Is horse manure good for vegetable gardening?

Updated June 13, 2017

Horse manure, when well-composted, is a beneficial source of nitrogen which is readily available to plants. Even one horse provides a large amount of manure and if you live near a horse stables, you may have the added benefit of getting manure inexpensively or even free if you move it yourself.

Composting Manure

Horse manure is not suitable for vegetable gardening unless it is thoroughly composted. E. coli has been associated with fresh manure. Horse manure also often has wood shavings in it from the horse's bedding. Wood shavings will take nitrogen from the soil in order to decompose. An area for composting and knowledge of composting procedures are necessary for its use.

Bottom Line

Utilising horse manure in a vegetable garden is desirable when handled properly. It promotes sustainable growing practices and is useful as an amendment. The knowledge and ability to compost manure thoroughly is necessary to allow sufficient decomposition and to prevent E. coli contamination.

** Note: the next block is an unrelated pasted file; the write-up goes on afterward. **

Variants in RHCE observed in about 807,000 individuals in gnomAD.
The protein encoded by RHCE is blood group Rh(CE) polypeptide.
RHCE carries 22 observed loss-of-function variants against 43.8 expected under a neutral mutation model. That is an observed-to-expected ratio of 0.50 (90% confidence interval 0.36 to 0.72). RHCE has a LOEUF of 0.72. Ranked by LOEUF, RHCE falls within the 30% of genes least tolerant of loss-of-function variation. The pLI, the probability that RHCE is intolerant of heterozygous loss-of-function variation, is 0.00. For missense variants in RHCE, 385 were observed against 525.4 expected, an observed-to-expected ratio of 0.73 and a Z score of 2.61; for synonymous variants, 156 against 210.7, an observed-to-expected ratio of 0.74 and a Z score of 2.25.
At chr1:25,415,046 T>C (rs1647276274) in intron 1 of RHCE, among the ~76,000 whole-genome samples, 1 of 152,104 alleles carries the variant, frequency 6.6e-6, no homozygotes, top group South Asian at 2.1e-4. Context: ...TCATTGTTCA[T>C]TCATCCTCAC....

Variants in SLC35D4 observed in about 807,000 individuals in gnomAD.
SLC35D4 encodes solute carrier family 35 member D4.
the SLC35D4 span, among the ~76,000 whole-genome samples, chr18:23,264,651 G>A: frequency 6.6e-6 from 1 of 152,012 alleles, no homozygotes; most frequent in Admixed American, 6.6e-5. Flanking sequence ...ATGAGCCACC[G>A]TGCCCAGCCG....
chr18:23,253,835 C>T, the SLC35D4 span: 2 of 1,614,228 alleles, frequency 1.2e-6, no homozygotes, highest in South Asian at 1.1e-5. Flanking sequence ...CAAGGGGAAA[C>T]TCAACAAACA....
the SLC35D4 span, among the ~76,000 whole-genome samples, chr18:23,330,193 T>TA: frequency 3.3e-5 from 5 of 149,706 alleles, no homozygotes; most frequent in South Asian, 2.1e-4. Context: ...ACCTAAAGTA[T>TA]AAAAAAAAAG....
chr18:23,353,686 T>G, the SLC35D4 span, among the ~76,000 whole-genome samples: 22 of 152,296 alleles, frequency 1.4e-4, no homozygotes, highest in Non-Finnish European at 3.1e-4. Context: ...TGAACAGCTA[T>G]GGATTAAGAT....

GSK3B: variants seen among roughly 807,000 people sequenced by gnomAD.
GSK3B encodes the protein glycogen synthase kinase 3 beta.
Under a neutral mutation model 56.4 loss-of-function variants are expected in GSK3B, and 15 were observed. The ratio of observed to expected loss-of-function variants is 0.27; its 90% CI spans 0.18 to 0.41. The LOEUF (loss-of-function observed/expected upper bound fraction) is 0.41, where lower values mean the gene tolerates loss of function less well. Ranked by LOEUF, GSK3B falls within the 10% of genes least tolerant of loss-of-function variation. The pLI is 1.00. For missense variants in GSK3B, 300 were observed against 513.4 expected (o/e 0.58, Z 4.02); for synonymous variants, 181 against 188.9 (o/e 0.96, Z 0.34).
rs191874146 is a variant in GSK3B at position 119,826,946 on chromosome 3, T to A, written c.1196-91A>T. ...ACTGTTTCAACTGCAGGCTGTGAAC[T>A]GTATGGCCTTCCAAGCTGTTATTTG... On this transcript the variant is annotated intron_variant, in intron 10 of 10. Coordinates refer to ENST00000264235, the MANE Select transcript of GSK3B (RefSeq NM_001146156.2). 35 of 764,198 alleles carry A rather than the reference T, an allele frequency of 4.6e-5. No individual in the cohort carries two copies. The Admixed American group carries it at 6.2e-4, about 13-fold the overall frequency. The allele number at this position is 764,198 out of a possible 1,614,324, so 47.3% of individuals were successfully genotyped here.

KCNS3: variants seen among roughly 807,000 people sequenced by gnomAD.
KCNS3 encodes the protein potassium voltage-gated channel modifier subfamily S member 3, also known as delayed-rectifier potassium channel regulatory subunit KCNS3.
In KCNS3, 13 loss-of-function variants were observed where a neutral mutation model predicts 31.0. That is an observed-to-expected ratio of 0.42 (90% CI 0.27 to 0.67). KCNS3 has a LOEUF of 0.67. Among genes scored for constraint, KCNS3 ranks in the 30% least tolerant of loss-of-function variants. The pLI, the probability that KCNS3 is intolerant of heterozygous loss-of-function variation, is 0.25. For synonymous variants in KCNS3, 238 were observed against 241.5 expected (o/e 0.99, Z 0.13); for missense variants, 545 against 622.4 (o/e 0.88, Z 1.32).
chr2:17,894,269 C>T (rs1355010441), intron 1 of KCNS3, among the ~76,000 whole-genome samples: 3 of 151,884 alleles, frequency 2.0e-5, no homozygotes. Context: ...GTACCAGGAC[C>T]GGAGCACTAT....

Cite this Article A tool to create a citation to reference this article Cite this Article

About the Author

Based in California, Andrea Peck has been writing science-related articles since 2006. Her articles have appeared in "The Rogue Voice," "Information Press" and "The Tribune." Peck holds a Bachelor of Arts in mathematics and a minor in biology from San Diego State University.